Tomorrow Azerbaijanis and their friends from all over the world will mark the Day of Nationwide Sorrow – the 27th anniversary of tragic events when in the early hours of January 20, 1990 the Soviet Army forces, without any notification, entered Baku and other parts of Azerbaijan and attacked unarmed protesters. Years pass by, yet we vividly remember the innocent victims of these tragic events dubbed as Black January and pay tribute to our courageous compatriots who gave their invaluable lives for Azerbaijan’s freedom and independence.
In late 1980s Azerbaijan faced continuous provocations and unjustified territorial claims by Armenia that was supported by their marionettes in the Soviet leadership under Mikhail Gorbachov. It all began in February 1988, when representatives of the Armenian community of the Nagorno Karabakh region, in violation of Azerbaijan’s and former USSR’s Constitutions, voted for leaving Azerbaijan and joining Armenia.
This separatist provocation was supported by the leadership of Armenia and aggressive nationalists who launched an extensive anti-Azerbaijani campaign in the Nagorno Karabakh region of Azerbaijan and in Armenia. As a result of continuous deadly attacks, more than 250 thousands Azerbaijanis were forced to flee Armenia, where their ancestors had lived for centuries. In the course of mass deportation from Armenia at least 216 Azerbaijanis were killed and 1154 people were wounded.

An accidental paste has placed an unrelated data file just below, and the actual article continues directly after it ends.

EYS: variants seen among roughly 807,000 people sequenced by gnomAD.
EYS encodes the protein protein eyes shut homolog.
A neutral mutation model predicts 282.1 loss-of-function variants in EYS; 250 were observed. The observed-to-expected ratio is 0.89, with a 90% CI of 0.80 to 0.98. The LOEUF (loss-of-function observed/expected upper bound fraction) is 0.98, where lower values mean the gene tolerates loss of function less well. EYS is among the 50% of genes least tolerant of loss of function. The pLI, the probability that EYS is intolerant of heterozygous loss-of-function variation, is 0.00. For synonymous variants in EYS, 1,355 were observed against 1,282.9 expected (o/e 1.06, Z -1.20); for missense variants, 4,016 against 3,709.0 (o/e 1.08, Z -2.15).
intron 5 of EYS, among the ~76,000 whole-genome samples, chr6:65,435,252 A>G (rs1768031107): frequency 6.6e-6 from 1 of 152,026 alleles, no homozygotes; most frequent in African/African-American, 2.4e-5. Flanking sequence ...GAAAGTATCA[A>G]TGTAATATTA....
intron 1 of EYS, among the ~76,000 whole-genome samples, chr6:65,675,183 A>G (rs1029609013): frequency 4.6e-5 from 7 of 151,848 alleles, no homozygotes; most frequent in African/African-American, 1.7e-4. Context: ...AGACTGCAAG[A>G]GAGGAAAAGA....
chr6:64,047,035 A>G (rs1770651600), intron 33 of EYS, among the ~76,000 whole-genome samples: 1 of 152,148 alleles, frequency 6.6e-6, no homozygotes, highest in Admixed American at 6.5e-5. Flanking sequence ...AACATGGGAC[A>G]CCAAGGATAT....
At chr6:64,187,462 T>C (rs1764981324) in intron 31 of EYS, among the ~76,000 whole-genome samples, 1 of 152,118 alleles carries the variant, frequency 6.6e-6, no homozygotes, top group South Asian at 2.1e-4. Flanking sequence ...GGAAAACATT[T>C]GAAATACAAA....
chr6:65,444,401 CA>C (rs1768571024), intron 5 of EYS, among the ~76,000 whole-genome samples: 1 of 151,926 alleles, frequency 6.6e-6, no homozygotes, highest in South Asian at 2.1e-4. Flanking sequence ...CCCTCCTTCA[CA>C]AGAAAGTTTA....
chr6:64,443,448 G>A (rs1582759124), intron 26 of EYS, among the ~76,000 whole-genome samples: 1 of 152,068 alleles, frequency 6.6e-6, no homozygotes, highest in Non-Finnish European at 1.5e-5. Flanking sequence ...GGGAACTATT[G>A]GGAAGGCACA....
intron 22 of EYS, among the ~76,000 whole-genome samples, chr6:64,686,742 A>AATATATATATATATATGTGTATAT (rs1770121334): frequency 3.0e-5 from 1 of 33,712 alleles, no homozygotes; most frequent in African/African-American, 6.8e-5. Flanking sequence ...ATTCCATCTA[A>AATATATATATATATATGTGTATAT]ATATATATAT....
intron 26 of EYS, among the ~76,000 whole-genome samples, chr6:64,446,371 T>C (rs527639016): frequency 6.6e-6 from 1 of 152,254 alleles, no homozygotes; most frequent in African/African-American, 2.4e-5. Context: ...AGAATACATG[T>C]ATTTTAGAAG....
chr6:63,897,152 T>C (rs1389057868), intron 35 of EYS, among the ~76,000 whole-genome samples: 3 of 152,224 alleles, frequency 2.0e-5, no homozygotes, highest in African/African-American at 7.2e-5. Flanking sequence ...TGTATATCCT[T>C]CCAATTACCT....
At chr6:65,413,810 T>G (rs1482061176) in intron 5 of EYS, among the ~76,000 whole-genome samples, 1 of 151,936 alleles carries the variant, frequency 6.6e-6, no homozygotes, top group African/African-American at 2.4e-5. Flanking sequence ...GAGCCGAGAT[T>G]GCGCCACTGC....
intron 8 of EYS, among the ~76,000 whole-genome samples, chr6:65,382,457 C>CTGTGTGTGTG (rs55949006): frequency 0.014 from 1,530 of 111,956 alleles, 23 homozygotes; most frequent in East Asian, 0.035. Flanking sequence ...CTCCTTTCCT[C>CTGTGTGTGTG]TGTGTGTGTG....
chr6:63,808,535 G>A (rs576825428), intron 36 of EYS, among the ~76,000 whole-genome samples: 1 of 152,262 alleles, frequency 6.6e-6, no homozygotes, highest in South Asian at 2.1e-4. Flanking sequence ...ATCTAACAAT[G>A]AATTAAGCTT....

Exercising their civil rights as the citizens of the Soviet Union, Azerbaijanis of various ethnic and religious backgrounds, started to peacefully protest by holding demonstrations and demanding from the central government in Moscow to put an end to the acts of violence being committed by Armenians.
The response of Mikhail Gorbachov’s government was brutal. As a result of this full-scale military assault, 147 Azerbaijani civilians of different nationalities were killed, 744 people were wounded and 841 were indiscriminately detained or arrested. Unprecedented atrocities were committed by the Soviet military forces, such as executing the wounded, firing at civilians, residential buildings, stores, medical and other facilities. Clearly marked ambulances were also the targets and were not allowed to aid the wounded. Many civilians were shot in their apartments, buildings entryways, buses and work places. During the post-mortem investigation of bullet wounds, forensic experts and doctors performing autopsies noted the particularly damaging effects of the bullets.
All these facts were confirmed by independent reports, including the investigation by the Helsinki Wach/Memorial group which said, “Soviet troops used unjustified and excessive forces resulting in unnecessary civilian casualties, including scores of deaths”. The investigation concluded that “heavily armed Soviet soldiers assaulted the city of Baku as though it were an enemy position intended for military destruction”.
However, the Soviet regime’s atrocities against civilians couldn’t break the persistence of citizens of Azerbaijan to fight for their rights and territorial integrity of our country. On that dark and cold winter night in January 1990 the invincible will and struggle for justice of the people of Azerbaijan overcame the Soviet military machine. Millions of Azerbaijanis took it to the streets to bury our fallen heroes. The Black January became the turning point in the history of Azerbaijan as all citizens united in striving for our sovereignty and independence, which eventually led to the restoration of Azerbaijan’s state independence.